One Click, One Vote to Publish a Winner [NYT]
in the magazine
Git Yer High-Priority Art
The “High Priority” typographic illustration in each week’s New York Magazine — you know, that gorgeously designed graphic at the start of the listings section — is a sought-after gig for a designer. It’s usually the work of an invited contributor, and the invitations go to some of the top designers and typographers in the world. For this week’s new issue, though, New York teamed with the design blog Speak Up! to run an open-call contest, welcoming anyone to submit an entry. The winning effort, by Spencer Fruhling of Richmond, British Columbia, is on page 109 of the magazine (well, okay, and also above); other top contenders are at underconsideration.com/hp. Check ‘em out.
Speak Up: High Priority [UnderConsideration.com]
Jersey Kitten Named Cat Champ, Doesn’t Care
The smell at the fourth annual Iams Cat Championship hits you before the cuteness does. Held in the Expo room in the bowels of Madison Square Garden, the show — sponsored by the century-old Cat Fanciers Association — featured felines representing 41 certified breeds, booths advertising “world’s best kitty litter,” charcoal drawings of cats drinking out of toilets, and presentations like “The Secret Sex Lives of Dogs & Cats.” (Can’t some things stay secret?)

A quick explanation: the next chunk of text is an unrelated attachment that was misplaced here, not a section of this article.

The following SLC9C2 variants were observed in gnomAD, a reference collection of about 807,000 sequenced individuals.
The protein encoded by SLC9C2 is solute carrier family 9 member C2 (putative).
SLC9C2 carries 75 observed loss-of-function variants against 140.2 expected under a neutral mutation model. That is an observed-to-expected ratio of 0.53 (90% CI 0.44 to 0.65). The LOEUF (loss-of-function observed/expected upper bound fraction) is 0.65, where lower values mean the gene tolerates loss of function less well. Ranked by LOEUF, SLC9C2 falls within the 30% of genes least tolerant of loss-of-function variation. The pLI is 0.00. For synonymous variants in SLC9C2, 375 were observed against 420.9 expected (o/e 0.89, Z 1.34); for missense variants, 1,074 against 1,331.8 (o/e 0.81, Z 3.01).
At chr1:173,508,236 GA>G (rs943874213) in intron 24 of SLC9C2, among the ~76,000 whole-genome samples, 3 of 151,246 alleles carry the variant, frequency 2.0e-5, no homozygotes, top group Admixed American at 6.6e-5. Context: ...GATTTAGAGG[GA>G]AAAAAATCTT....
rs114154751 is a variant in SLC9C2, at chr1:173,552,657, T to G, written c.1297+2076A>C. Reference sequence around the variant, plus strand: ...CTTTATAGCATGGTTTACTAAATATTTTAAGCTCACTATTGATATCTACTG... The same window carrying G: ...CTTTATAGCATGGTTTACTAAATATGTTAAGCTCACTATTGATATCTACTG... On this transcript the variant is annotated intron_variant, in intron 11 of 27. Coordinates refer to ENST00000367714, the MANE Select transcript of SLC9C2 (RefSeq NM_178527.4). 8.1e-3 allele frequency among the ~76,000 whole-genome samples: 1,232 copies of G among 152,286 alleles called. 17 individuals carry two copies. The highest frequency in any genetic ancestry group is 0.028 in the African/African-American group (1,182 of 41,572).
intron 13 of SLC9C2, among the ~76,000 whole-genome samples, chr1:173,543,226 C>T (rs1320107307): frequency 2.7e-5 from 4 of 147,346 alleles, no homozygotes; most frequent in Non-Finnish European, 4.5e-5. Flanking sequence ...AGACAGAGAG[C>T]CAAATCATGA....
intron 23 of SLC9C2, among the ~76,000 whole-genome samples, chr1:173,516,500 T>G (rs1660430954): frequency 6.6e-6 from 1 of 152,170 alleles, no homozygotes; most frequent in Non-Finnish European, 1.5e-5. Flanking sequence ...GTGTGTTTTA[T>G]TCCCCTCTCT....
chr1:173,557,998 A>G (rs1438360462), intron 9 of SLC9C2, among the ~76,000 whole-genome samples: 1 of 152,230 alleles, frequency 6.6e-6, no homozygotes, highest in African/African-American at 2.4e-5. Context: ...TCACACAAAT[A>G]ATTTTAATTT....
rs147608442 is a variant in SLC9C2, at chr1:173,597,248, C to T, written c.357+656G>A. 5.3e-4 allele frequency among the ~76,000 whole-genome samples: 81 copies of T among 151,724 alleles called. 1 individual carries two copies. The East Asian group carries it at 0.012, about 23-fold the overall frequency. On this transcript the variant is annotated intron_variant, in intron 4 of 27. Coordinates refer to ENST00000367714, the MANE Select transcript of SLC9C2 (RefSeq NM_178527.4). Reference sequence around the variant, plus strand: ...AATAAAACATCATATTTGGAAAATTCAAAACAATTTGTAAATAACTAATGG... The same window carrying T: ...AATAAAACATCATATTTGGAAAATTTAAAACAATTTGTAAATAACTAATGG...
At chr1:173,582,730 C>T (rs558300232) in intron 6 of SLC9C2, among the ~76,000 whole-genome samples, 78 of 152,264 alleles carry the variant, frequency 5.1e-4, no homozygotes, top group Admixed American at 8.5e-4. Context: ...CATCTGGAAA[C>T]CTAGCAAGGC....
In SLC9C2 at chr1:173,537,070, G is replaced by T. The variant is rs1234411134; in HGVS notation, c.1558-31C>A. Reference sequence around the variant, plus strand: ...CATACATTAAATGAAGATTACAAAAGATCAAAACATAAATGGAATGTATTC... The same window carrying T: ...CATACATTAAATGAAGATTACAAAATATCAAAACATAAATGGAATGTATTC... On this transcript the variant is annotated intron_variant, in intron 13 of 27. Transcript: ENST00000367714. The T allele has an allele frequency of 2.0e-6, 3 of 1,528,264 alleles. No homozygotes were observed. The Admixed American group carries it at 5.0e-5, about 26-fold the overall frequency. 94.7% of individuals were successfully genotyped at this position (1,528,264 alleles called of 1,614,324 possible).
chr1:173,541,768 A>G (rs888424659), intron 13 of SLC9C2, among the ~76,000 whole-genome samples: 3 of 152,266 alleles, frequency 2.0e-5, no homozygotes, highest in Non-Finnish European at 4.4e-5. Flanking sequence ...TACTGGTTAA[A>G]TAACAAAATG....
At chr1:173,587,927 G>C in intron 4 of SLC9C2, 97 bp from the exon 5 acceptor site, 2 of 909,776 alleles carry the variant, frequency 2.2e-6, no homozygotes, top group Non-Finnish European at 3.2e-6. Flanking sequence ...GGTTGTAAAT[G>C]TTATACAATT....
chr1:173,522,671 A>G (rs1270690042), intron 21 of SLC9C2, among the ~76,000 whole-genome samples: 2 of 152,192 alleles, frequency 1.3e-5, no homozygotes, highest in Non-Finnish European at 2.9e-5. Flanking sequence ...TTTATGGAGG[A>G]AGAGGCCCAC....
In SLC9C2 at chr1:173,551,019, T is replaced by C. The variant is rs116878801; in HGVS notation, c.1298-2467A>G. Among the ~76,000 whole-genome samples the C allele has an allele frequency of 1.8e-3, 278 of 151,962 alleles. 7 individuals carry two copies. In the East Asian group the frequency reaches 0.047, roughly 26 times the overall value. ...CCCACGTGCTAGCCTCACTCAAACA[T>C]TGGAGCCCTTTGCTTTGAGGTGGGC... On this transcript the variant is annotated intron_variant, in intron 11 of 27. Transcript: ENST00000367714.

Sunday was time for the Best of the Best awards, the kitty equivalent of Best in Show. (It came after the trained-cat show and the feline agility competition.) The judging took place in the front of the room, before dozens of people on folding chairs, on a stage with a small, pink-beribboned table. The judge, Walter Hutzler, brought out each cat and held it aloft, stretching it out vertically or horizontally into a sort of Superman pose, before setting it down briefly on the table. The crowd oohed and aahed constantly. Two gray-haired announcers — Kent Highhouse, in a tux, and Gail Frew, in a black pantsuit — sat to the left of the stage, keeping up a running commentary.